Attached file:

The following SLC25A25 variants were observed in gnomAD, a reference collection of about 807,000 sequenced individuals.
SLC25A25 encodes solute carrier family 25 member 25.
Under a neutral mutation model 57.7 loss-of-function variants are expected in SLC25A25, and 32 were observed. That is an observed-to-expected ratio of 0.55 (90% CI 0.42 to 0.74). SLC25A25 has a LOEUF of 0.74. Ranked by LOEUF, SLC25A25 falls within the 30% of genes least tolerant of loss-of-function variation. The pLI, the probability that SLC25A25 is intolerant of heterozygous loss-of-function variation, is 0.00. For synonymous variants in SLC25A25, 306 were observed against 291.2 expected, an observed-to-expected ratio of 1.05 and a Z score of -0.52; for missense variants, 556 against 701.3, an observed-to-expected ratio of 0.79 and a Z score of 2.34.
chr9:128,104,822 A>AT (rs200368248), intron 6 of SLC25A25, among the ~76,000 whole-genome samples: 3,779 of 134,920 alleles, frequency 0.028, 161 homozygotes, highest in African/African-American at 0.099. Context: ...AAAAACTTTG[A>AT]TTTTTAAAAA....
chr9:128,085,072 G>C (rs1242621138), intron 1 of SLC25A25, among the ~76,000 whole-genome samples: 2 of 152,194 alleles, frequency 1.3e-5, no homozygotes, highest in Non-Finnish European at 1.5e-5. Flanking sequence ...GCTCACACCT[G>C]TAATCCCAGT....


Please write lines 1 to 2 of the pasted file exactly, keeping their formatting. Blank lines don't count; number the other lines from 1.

The following SLC25A25 variants were observed in gnomAD, a reference collection of about 807,000 sequenced individuals.
SLC25A25 encodes solute carrier family 25 member 25.